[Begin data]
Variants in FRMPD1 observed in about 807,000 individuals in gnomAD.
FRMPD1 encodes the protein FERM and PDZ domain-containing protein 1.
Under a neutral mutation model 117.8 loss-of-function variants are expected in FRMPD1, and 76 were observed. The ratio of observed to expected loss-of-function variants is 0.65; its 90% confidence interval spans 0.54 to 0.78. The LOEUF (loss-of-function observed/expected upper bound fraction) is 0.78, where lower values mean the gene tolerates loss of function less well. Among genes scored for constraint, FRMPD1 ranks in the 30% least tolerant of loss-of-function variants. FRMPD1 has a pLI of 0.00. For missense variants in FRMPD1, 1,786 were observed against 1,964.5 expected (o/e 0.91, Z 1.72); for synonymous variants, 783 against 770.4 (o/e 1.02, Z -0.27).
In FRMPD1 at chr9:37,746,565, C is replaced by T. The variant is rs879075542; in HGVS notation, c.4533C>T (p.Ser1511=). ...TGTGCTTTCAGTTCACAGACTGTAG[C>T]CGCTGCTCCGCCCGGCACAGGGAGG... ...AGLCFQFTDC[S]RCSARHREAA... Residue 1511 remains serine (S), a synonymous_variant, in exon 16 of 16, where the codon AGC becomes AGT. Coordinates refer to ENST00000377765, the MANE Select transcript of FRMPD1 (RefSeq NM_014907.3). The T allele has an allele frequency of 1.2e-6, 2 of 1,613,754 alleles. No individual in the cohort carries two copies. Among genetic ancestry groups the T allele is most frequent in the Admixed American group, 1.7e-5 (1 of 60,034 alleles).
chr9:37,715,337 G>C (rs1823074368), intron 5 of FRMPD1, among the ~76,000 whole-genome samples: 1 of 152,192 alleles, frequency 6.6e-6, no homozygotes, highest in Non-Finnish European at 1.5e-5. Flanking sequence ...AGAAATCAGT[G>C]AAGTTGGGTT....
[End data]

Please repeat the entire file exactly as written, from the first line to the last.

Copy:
Variants in FRMPD1 observed in about 807,000 individuals in gnomAD.
FRMPD1 encodes the protein FERM and PDZ domain-containing protein 1.
Under a neutral mutation model 117.8 loss-of-function variants are expected in FRMPD1, and 76 were observed. The ratio of observed to expected loss-of-function variants is 0.65; its 90% confidence interval spans 0.54 to 0.78. The LOEUF (loss-of-function observed/expected upper bound fraction) is 0.78, where lower values mean the gene tolerates loss of function less well. Among genes scored for constraint, FRMPD1 ranks in the 30% least tolerant of loss-of-function variants. FRMPD1 has a pLI of 0.00. For missense variants in FRMPD1, 1,786 were observed against 1,964.5 expected (o/e 0.91, Z 1.72); for synonymous variants, 783 against 770.4 (o/e 1.02, Z -0.27).
In FRMPD1 at chr9:37,746,565, C is replaced by T. The variant is rs879075542; in HGVS notation, c.4533C>T (p.Ser1511=). ...TGTGCTTTCAGTTCACAGACTGTAG[C>T]CGCTGCTCCGCCCGGCACAGGGAGG... ...AGLCFQFTDC[S]RCSARHREAA... Residue 1511 remains serine (S), a synonymous_variant, in exon 16 of 16, where the codon AGC becomes AGT. Coordinates refer to ENST00000377765, the MANE Select transcript of FRMPD1 (RefSeq NM_014907.3). The T allele has an allele frequency of 1.2e-6, 2 of 1,613,754 alleles. No individual in the cohort carries two copies. Among genetic ancestry groups the T allele is most frequent in the Admixed American group, 1.7e-5 (1 of 60,034 alleles).
chr9:37,715,337 G>C (rs1823074368), intron 5 of FRMPD1, among the ~76,000 whole-genome samples: 1 of 152,192 alleles, frequency 6.6e-6, no homozygotes, highest in Non-Finnish European at 1.5e-5. Flanking sequence ...AGAAATCAGT[G>C]AAGTTGGGTT....